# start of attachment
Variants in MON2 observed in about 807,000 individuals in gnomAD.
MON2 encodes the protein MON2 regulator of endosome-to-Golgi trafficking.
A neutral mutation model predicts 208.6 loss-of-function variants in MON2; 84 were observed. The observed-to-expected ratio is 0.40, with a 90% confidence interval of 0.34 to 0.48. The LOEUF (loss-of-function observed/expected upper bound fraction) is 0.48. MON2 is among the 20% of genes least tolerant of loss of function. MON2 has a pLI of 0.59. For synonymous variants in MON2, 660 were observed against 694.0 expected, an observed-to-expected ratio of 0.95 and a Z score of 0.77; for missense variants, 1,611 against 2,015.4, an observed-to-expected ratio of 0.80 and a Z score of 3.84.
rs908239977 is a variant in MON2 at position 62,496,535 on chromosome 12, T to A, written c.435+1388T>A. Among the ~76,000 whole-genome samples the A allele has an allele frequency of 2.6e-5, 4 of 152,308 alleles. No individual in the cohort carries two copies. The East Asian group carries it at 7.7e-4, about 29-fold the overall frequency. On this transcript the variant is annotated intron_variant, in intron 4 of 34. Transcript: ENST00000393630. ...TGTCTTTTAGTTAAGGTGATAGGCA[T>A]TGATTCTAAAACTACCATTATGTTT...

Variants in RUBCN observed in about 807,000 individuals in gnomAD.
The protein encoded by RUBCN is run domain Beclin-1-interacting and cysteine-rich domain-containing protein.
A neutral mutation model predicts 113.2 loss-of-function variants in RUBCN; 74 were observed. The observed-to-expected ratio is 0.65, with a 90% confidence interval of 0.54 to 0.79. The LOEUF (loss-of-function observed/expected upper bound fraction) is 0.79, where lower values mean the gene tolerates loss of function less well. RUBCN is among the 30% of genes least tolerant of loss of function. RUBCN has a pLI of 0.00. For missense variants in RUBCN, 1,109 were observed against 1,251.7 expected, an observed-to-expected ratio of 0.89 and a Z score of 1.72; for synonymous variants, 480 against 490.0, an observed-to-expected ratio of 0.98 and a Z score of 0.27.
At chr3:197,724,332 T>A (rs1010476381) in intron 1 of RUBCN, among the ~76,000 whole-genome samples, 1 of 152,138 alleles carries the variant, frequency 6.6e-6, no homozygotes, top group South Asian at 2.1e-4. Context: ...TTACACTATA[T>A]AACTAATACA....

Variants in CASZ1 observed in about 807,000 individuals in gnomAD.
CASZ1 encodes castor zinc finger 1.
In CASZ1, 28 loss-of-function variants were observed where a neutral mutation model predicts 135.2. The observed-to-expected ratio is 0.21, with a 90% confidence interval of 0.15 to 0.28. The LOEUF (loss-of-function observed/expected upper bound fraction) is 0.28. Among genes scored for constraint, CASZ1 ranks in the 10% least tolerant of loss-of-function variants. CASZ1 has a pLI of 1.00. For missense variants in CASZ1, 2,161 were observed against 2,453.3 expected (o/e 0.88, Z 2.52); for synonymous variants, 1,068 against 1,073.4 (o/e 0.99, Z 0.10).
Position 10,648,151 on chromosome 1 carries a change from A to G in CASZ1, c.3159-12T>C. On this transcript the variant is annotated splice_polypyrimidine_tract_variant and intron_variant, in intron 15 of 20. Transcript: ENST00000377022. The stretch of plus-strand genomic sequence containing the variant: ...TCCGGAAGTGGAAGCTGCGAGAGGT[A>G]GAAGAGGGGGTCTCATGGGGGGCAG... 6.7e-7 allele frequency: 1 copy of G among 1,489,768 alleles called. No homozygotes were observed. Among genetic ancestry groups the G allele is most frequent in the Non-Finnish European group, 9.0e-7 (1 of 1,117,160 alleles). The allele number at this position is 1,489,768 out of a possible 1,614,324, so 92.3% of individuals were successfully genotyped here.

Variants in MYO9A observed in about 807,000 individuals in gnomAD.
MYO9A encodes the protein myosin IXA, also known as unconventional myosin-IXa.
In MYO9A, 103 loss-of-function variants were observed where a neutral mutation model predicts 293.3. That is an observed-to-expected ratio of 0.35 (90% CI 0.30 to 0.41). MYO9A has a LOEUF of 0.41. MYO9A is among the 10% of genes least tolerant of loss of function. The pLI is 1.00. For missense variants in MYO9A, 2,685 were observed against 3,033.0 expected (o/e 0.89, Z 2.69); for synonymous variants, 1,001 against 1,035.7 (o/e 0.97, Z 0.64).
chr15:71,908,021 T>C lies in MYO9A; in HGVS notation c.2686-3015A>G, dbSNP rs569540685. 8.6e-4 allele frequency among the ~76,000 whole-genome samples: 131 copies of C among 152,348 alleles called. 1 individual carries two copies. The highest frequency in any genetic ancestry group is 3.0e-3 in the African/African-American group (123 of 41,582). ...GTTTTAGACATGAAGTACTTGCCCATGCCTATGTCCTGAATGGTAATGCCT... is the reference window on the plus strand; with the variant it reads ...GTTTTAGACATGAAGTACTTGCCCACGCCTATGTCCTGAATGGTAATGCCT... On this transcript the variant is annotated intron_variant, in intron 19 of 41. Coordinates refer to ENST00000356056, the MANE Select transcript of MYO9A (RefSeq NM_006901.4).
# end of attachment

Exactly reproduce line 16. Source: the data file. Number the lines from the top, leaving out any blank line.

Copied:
chr15:71,908,021 T>C lies in MYO9A; in HGVS notation c.2686-3015A>G, dbSNP rs569540685. 8.6e-4 allele frequency among the ~76,000 whole-genome samples: 131 copies of C among 152,348 alleles called. 1 individual carries two copies. The highest frequency in any genetic ancestry group is 3.0e-3 in the African/African-American group (123 of 41,582). ...GTTTTAGACATGAAGTACTTGCCCATGCCTATGTCCTGAATGGTAATGCCT... is the reference window on the plus strand; with the variant it reads ...GTTTTAGACATGAAGTACTTGCCCACGCCTATGTCCTGAATGGTAATGCCT... On this transcript the variant is annotated intron_variant, in intron 19 of 41. Coordinates refer to ENST00000356056, the MANE Select transcript of MYO9A (RefSeq NM_006901.4).